A Google news search of the term “climate change” turns up a recent story in the Roanoke Times claiming human caused climate change is causing increased incidences of flooding in Virginia Beach, Virginia. This is false. Flooding may be worsening in Virginia Beach, and human activities may be contributing to it, but research indicates a climate change induced increase in the rate of sea level rise is not to blame.
A story, titled “Virginia Beach confronts inescapable costs of rising seas,” discusses a $568 million bond issue being proposed to improve infrastructure and lessen future damage from flooding in the region. If voter don’t approve the bond, the story warns “the city could lose billions of dollars in the next half-century as recurrent flooding inundates roads, businesses and homes.”
The Roanoke Times the proceeds to incorrectly attribute the danger of recurrent future flooding in Virginia Beach to climate change induced rising seas.
“The referendum underscores the mounting costs of adapting to climate change for U.S. cities,” writes the Roanoke Times. “The need for money to protect communities against climate change is growing across the globe ….”
Data show seas are not rising at an unusual rate in the Chesapeake Bay region where Virginia Beach is located.
As discussed in a recent Climate Realism article, the National Oceanic and Atmospheric Administration has maintained a tidal gauge at Sewell’s Point in Norfolk since the 1920s. The tidal records, as shown in the NOAA graph below, show the pace of sea-level rise remains the same now as it was 100 years ago – when there was minimal human-emitted carbon dioxide in the atmosphere.
NOAA has maintained three other tidal gauges in the Norfolk region, dating back to the 1930s, 1950s, and 1970s, respectively. None of the other three show any acceleration, either.
Each of these tide gauges is within 30 miles of Virginia Beach and none show unusual rates of sea level rise or an increasing rate in recent decades.
To the extent flooding has increased in the Chesapeake Bay region and Virginia Beach in particular, research shows it is due to localized land subsidence. According to a U.S. Geological Survey (USGS) report, titled “Land Subsidence and Relative Sea-Level Rise in the Southern Chesapeake Bay Region,” states:
Land subsidence has been observed since the 1940s in the southern Chesapeake Bay region at rates of 1.1 to 4.8 millimeters per year (mm/yr), and subsidence continues today.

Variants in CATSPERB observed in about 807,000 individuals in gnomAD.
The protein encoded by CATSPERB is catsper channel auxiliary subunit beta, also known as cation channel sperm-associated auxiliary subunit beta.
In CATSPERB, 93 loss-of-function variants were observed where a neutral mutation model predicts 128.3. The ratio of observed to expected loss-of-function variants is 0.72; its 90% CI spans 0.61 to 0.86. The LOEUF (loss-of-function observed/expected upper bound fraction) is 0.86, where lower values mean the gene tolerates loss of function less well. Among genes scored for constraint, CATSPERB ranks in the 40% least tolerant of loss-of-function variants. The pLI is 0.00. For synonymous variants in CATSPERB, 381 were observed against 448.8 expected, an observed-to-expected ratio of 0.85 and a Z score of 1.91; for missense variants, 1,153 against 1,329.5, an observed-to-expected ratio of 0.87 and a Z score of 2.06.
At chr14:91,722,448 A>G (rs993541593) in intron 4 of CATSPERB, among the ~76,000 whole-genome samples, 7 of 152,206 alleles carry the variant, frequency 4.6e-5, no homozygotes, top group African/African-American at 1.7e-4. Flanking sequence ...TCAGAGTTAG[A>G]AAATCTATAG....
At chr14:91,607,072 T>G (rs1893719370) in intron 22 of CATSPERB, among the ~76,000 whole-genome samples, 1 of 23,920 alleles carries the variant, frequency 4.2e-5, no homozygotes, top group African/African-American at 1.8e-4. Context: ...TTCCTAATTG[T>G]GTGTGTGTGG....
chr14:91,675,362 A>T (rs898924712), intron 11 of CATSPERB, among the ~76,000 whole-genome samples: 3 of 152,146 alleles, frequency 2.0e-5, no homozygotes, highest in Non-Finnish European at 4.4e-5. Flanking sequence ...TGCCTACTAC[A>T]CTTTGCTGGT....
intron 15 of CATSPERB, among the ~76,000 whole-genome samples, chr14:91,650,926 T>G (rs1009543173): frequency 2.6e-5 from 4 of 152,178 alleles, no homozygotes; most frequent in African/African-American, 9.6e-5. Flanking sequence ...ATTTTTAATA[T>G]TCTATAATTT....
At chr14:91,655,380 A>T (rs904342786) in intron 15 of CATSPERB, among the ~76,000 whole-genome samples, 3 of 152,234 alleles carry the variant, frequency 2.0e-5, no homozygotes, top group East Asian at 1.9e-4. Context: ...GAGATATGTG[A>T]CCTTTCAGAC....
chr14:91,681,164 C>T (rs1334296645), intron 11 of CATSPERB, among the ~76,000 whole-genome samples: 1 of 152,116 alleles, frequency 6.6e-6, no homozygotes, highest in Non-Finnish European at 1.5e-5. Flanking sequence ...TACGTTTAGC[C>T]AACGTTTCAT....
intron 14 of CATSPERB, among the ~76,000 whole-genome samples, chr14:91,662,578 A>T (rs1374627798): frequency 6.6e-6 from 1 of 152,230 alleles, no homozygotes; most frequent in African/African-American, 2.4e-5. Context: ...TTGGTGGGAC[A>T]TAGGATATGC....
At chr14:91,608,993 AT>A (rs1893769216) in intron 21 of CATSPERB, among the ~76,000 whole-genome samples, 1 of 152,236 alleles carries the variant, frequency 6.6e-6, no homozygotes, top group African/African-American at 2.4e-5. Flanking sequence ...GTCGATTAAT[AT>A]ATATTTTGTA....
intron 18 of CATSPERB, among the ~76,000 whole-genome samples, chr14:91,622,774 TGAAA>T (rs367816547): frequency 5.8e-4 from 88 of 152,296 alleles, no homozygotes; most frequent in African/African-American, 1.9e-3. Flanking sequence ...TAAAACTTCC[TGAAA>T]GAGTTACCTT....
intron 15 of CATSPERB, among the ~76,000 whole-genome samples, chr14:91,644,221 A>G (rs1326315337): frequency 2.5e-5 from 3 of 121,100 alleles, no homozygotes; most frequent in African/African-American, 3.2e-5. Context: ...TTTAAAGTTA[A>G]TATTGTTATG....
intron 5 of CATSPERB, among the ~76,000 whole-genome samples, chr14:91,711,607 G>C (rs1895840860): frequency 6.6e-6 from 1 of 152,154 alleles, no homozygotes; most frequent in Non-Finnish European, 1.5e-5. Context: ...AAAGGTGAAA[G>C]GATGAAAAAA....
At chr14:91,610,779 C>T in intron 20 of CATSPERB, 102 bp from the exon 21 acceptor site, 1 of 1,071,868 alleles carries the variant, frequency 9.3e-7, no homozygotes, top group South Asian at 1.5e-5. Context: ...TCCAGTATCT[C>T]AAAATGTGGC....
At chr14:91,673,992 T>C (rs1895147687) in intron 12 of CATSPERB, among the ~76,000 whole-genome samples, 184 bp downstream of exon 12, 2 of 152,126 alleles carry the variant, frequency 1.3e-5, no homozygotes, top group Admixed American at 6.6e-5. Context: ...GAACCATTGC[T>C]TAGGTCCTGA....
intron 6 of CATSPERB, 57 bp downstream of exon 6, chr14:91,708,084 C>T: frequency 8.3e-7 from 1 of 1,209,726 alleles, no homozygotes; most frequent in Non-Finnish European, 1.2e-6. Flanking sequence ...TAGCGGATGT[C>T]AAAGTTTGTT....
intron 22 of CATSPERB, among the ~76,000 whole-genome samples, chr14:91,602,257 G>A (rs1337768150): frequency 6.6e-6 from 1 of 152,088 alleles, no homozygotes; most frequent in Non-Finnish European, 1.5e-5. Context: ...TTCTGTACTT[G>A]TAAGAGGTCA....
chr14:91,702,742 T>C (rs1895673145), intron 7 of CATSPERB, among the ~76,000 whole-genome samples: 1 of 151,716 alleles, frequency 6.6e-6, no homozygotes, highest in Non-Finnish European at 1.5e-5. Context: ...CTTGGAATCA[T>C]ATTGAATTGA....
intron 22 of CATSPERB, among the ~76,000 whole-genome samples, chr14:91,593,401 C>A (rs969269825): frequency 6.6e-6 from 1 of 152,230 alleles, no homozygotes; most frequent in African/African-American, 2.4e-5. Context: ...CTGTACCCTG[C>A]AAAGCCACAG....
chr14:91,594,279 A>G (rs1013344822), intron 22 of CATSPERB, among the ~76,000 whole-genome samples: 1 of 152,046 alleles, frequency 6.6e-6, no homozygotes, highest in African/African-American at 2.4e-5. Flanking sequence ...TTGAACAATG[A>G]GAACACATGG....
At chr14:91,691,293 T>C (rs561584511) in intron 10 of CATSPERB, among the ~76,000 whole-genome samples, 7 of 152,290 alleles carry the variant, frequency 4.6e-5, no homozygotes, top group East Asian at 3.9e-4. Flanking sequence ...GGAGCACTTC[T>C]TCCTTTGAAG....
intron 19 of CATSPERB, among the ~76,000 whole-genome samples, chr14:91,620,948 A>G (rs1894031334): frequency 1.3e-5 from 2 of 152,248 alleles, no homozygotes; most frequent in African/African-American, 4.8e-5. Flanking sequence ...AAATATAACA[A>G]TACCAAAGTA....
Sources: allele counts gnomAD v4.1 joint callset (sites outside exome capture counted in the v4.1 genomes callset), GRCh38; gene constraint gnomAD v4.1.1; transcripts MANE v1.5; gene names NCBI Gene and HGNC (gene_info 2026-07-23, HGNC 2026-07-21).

This land subsidence helps explain why the region has the highest rates of sea-level rise on the Atlantic Coast of the United States. Data indicate that land subsidence has been responsible for more than half the relative sea-level rise measured in the region. Land subsidence increases the risk of flooding in low-lying areas, which in turn has important economic, environmental, and human health consequences for the heavily populated and ecologically important southern Chesapeake Bay region.
The aquifer system in the region has been compacted by extensive groundwater pumping in the region at rates of 1.5- to 3.7-mm/yr; this compaction accounts for more than half of observed land subsidence in the region.
The proposed bond issue may be needed to prevent increased incidences of flooding in Virginia Beach, but it will only work to prevent flooding if the “fixes” funded by it focus on the right causes of the problem. Local water withdrawals, wetlands conversion, and land compaction are to blame for Virginia Beach’s flooding woes, not climate change. Better land and water management, not fossil fuel use restrictions, are needed to reduce the incidences of homes and businesses in Virginia Beach flooding.
H. Sterling Burnett, Ph.D. is managing editor of Environment & Climate News and a research fellow for environment and energy policy at The Heartland Institute. Burnett worked at the National Center for Policy Analysis for 18 years, most recently as a senior fellow in charge of NCPA’s environmental policy program. He has held various positions in professional and public policy organizations, including serving as a member of the Environment and Natural Resources Task Force in the Texas Comptroller’s e-Texas commission.
via Watts Up With That?
November 7, 2021